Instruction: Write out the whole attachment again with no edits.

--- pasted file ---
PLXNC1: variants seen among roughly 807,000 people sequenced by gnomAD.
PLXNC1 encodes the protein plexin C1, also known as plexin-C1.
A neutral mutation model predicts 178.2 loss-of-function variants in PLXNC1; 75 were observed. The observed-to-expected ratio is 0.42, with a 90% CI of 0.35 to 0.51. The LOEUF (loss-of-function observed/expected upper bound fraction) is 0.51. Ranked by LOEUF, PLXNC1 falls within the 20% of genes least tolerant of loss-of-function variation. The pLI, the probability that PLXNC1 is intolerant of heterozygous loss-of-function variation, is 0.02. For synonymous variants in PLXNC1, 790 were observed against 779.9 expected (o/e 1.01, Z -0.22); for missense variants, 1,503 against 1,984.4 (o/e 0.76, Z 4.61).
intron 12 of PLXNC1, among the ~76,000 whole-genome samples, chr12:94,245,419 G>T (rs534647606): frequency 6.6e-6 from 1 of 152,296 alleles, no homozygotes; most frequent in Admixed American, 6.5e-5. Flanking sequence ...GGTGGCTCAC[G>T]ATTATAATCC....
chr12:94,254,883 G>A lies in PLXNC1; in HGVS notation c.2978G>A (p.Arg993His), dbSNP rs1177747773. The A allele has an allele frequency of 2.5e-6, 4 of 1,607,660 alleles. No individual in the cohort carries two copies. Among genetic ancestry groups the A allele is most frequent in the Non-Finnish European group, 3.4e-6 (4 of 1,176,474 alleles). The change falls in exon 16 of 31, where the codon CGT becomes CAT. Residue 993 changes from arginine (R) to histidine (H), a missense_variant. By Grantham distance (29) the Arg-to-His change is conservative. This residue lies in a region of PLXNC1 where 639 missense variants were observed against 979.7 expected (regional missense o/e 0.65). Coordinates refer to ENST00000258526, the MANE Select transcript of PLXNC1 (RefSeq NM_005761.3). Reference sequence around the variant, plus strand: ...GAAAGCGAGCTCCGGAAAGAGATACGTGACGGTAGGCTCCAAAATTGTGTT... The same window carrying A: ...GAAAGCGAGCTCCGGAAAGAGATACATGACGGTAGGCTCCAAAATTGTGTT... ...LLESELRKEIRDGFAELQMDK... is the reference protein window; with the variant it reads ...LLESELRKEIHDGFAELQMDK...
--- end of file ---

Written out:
PLXNC1: variants seen among roughly 807,000 people sequenced by gnomAD.
PLXNC1 encodes the protein plexin C1, also known as plexin-C1.
A neutral mutation model predicts 178.2 loss-of-function variants in PLXNC1; 75 were observed. The observed-to-expected ratio is 0.42, with a 90% CI of 0.35 to 0.51. The LOEUF (loss-of-function observed/expected upper bound fraction) is 0.51. Ranked by LOEUF, PLXNC1 falls within the 20% of genes least tolerant of loss-of-function variation. The pLI, the probability that PLXNC1 is intolerant of heterozygous loss-of-function variation, is 0.02. For synonymous variants in PLXNC1, 790 were observed against 779.9 expected (o/e 1.01, Z -0.22); for missense variants, 1,503 against 1,984.4 (o/e 0.76, Z 4.61).
intron 12 of PLXNC1, among the ~76,000 whole-genome samples, chr12:94,245,419 G>T (rs534647606): frequency 6.6e-6 from 1 of 152,296 alleles, no homozygotes; most frequent in Admixed American, 6.5e-5. Flanking sequence ...GGTGGCTCAC[G>T]ATTATAATCC....
chr12:94,254,883 G>A lies in PLXNC1; in HGVS notation c.2978G>A (p.Arg993His), dbSNP rs1177747773. The A allele has an allele frequency of 2.5e-6, 4 of 1,607,660 alleles. No individual in the cohort carries two copies. Among genetic ancestry groups the A allele is most frequent in the Non-Finnish European group, 3.4e-6 (4 of 1,176,474 alleles). The change falls in exon 16 of 31, where the codon CGT becomes CAT. Residue 993 changes from arginine (R) to histidine (H), a missense_variant. By Grantham distance (29) the Arg-to-His change is conservative. This residue lies in a region of PLXNC1 where 639 missense variants were observed against 979.7 expected (regional missense o/e 0.65). Coordinates refer to ENST00000258526, the MANE Select transcript of PLXNC1 (RefSeq NM_005761.3). Reference sequence around the variant, plus strand: ...GAAAGCGAGCTCCGGAAAGAGATACGTGACGGTAGGCTCCAAAATTGTGTT... The same window carrying A: ...GAAAGCGAGCTCCGGAAAGAGATACATGACGGTAGGCTCCAAAATTGTGTT... ...LLESELRKEIRDGFAELQMDK... is the reference protein window; with the variant it reads ...LLESELRKEIHDGFAELQMDK...